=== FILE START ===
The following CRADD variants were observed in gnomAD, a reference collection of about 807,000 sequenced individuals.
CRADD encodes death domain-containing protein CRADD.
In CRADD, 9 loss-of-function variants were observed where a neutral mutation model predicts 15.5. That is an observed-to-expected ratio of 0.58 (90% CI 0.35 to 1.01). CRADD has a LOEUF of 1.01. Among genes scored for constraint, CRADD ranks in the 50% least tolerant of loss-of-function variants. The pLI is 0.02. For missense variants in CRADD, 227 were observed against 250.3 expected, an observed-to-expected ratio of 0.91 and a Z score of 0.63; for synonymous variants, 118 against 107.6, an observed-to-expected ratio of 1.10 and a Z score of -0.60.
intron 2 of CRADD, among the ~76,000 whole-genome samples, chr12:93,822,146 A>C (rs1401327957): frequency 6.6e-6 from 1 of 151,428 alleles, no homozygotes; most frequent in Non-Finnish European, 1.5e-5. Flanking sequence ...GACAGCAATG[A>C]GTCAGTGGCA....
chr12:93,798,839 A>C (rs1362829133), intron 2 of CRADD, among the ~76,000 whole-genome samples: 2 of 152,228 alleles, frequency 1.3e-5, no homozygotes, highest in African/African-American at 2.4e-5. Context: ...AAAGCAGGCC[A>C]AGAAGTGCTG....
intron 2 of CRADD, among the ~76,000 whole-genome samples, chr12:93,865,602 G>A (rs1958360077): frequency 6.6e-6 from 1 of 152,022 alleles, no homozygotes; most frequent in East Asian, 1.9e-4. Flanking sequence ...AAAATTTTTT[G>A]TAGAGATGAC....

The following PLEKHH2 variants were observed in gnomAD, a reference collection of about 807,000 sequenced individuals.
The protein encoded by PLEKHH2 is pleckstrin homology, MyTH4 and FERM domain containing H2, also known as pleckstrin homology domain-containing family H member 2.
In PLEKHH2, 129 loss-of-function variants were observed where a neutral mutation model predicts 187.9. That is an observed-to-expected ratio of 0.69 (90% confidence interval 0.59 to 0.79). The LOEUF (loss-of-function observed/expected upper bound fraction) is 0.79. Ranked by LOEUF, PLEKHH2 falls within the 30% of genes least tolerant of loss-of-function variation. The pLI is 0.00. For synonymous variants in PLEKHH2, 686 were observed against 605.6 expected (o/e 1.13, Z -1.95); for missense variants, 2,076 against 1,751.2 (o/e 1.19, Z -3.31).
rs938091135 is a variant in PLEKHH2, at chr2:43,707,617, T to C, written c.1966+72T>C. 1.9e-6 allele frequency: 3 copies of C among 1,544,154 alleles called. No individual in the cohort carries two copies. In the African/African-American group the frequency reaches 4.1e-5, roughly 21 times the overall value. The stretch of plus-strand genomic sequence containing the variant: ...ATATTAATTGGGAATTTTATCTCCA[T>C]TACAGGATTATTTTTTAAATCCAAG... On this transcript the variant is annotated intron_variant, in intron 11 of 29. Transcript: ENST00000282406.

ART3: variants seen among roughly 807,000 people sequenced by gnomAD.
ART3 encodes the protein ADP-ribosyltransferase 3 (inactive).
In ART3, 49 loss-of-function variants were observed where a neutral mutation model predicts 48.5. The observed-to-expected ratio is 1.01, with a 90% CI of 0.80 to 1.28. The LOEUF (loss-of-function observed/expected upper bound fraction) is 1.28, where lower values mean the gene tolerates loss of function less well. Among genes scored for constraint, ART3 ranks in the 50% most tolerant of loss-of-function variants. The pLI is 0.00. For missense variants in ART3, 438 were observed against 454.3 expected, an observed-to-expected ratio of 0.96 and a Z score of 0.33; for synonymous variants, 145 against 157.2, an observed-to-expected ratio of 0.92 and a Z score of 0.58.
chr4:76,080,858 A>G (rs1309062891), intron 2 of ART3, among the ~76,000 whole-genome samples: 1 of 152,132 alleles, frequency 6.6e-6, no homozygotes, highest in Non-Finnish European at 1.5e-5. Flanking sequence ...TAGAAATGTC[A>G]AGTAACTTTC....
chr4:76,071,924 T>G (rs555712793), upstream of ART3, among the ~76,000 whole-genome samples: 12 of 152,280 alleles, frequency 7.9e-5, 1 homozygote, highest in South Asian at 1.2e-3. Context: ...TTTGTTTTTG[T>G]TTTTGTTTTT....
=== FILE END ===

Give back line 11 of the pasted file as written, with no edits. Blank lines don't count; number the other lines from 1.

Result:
ART3: variants seen among roughly 807,000 people sequenced by gnomAD.